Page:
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Angular 1.5 is close - here's the interesting parts

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The first release candidate of Angular 1.5 was just released. This means the official release is probably right around the corner.

It can be hard to keep up with the changes in Angular. Things change pretty fast. I know a lot of companies that haven’t even moved to 1.4 yet (or 1.3, or 1.2). And everyone are trying to at least keep an ear open for the upcoming changes in 2.0.

And now there’s another version looming. When will you ever find the time to learn what’s changed?

Well, fear not fellow Angularist! I’ve gone over the changelog and gathered the interesting points below. In five minutes you’ll know what’s all the new rage about. Here are the interesting bits:

.component method

This is a new addition to Angular modules, along .controller, .directive, etc. The new .component() method is actually syntax sugar for creating a directive in the now-standard manner. This makes it easy to create isolated directives, with controllers using controller-as syntax.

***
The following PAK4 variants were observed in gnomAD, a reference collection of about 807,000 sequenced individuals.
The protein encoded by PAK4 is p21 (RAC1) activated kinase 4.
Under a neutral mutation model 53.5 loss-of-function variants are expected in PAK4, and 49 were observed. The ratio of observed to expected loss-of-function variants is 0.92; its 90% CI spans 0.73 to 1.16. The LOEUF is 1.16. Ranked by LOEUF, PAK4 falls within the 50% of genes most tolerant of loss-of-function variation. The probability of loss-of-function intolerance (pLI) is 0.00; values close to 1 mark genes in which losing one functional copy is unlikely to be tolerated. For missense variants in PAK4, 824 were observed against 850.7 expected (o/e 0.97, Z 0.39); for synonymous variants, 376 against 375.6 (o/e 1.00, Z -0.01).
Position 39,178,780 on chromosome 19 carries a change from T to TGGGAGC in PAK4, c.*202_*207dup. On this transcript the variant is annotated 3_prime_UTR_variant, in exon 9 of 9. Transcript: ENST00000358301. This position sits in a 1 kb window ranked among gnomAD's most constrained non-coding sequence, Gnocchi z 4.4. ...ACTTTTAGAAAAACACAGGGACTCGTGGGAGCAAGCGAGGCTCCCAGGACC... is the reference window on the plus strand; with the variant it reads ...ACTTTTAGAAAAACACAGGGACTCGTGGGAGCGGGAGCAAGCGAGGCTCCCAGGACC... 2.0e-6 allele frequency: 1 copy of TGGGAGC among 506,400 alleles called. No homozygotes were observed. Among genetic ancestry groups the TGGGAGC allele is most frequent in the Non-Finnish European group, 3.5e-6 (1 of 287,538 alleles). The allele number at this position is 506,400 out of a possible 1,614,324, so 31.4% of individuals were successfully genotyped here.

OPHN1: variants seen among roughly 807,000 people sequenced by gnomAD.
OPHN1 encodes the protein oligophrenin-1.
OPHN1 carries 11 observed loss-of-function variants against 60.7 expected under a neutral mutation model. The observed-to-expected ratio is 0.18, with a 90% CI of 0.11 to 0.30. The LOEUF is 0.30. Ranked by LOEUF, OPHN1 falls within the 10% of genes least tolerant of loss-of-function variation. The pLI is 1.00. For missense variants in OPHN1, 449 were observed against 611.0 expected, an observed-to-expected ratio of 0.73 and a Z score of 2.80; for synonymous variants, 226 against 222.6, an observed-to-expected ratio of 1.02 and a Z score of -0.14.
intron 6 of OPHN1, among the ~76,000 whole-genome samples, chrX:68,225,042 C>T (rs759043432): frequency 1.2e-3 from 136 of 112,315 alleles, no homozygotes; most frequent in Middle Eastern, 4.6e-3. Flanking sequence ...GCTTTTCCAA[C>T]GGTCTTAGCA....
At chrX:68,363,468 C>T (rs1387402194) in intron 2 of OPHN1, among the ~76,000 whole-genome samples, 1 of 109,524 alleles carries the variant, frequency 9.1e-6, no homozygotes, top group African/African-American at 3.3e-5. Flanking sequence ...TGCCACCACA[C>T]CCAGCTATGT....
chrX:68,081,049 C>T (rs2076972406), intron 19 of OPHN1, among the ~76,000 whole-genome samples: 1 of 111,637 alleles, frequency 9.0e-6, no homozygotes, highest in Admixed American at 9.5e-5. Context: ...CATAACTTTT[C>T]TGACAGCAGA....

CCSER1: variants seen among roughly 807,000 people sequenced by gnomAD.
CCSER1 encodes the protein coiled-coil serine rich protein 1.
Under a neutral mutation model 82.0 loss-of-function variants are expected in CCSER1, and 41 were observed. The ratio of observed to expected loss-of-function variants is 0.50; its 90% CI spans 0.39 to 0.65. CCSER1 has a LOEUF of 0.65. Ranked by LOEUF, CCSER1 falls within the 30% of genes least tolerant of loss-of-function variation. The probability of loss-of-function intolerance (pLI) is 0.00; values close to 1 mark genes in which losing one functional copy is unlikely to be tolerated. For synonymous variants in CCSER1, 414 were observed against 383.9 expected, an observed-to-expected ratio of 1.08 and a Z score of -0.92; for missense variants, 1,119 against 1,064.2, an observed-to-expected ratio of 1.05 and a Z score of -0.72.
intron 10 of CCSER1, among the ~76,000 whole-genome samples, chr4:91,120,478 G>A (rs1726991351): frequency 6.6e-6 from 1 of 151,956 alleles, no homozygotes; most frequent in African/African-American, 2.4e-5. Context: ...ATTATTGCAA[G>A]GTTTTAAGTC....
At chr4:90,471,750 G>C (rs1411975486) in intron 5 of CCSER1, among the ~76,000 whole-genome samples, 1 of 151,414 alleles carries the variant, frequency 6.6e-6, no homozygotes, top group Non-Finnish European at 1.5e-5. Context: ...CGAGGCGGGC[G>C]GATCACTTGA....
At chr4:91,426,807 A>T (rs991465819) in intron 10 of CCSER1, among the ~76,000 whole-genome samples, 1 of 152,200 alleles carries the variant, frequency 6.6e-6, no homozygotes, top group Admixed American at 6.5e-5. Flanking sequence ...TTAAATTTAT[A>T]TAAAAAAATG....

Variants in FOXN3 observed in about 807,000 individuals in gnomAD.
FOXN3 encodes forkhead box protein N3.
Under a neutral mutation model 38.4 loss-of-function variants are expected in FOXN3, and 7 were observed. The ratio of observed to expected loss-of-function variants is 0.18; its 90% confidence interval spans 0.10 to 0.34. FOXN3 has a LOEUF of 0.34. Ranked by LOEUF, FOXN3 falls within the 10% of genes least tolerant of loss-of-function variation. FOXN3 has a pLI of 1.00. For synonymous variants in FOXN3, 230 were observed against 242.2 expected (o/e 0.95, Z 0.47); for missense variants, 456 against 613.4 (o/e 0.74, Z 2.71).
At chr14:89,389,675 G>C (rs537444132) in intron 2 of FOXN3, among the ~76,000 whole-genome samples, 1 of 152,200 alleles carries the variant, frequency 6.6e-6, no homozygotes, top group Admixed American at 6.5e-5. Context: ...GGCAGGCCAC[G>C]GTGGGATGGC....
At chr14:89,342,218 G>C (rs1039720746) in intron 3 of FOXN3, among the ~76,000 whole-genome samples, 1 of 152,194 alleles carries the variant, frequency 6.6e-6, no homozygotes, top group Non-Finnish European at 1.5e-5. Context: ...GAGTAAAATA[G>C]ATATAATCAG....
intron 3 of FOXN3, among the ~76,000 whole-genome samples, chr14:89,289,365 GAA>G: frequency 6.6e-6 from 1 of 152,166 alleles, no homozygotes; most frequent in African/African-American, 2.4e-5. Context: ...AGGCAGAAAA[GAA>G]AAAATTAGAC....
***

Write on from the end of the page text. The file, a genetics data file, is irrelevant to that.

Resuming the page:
This is a great step in the right direction of setting a proper Angular style in my opinion. But, it comes with a few interesting changes we’ll have to get used to. I will be writing more in depth about this soon (subscribe below to get notified!). In the mean time, there’s an excellent write up of all the options in Todd Motto’s blog.

Multiple transclusion

Finally. This means we can, at last, create reusable components with several transclusion slots.

For example, we can create a modal dialog directive with set sections, such as header and body, and use it like so:

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<modal>
  <modal-title>My title</modal-title>
  <modal-body>The body goes here</modal-body>
</modal>

Prior we had to do all kinds of workarounds to get a similar solution.

While you may not be writing directives that use transclusion daily, it will make the libraries we all use much more powerful.

You can see the relevant commit here.

Lazily compiling transclude functions

This change means that things like ng-if (which you’re using instead of ng-show where appropriate, right?) will now work faster.

It might come as a surprise, but if you were using lots of ng-ifs that were never displayed on screen you still took a performance hit in page load time.

Luckily, 1.5 will improve this, making workarounds such as lazy-ng-if no longer necessary.

Not a lot of breaking changes

You should really go over the changelog, but from what I see it seems like most projects will be able to easily upgrade.

The breaking changes are quite obscure and shouldn’t matter for most of us.

Yay!

So, it seems like 1.5 is going to be a nice release. I’ll keep you posted if the next release candidates have any more interesting points.

Always be in the loop for new updates to Angular and get guides for painless upgrading!

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